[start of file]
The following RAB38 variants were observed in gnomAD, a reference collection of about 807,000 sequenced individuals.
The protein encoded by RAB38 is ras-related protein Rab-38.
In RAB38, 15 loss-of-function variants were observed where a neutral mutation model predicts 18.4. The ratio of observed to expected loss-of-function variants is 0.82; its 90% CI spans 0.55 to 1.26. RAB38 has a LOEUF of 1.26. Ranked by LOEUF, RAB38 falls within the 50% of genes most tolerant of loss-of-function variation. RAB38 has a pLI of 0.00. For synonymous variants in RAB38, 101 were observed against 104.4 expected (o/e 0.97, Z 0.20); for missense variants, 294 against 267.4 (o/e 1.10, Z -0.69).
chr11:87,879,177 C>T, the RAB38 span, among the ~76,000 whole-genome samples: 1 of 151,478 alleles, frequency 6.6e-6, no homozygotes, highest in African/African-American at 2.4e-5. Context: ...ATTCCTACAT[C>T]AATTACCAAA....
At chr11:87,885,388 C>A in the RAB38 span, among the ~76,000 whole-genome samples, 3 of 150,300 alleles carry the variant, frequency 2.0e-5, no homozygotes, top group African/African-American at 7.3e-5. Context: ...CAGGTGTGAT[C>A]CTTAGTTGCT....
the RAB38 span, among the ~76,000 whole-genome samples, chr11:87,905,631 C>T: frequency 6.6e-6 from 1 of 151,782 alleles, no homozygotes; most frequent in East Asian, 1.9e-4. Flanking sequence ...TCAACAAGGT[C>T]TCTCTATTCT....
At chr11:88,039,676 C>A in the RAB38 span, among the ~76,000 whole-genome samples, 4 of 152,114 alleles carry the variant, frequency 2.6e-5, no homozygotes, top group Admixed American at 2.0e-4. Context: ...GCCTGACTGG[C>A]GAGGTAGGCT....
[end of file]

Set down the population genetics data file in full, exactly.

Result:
The following RAB38 variants were observed in gnomAD, a reference collection of about 807,000 sequenced individuals.
The protein encoded by RAB38 is ras-related protein Rab-38.
In RAB38, 15 loss-of-function variants were observed where a neutral mutation model predicts 18.4. The ratio of observed to expected loss-of-function variants is 0.82; its 90% CI spans 0.55 to 1.26. RAB38 has a LOEUF of 1.26. Ranked by LOEUF, RAB38 falls within the 50% of genes most tolerant of loss-of-function variation. RAB38 has a pLI of 0.00. For synonymous variants in RAB38, 101 were observed against 104.4 expected (o/e 0.97, Z 0.20); for missense variants, 294 against 267.4 (o/e 1.10, Z -0.69).
chr11:87,879,177 C>T, the RAB38 span, among the ~76,000 whole-genome samples: 1 of 151,478 alleles, frequency 6.6e-6, no homozygotes, highest in African/African-American at 2.4e-5. Context: ...ATTCCTACAT[C>T]AATTACCAAA....
At chr11:87,885,388 C>A in the RAB38 span, among the ~76,000 whole-genome samples, 3 of 150,300 alleles carry the variant, frequency 2.0e-5, no homozygotes, top group African/African-American at 7.3e-5. Context: ...CAGGTGTGAT[C>A]CTTAGTTGCT....
the RAB38 span, among the ~76,000 whole-genome samples, chr11:87,905,631 C>T: frequency 6.6e-6 from 1 of 151,782 alleles, no homozygotes; most frequent in East Asian, 1.9e-4. Flanking sequence ...TCAACAAGGT[C>T]TCTCTATTCT....
At chr11:88,039,676 C>A in the RAB38 span, among the ~76,000 whole-genome samples, 4 of 152,114 alleles carry the variant, frequency 2.6e-5, no homozygotes, top group Admixed American at 2.0e-4. Context: ...GCCTGACTGG[C>A]GAGGTAGGCT....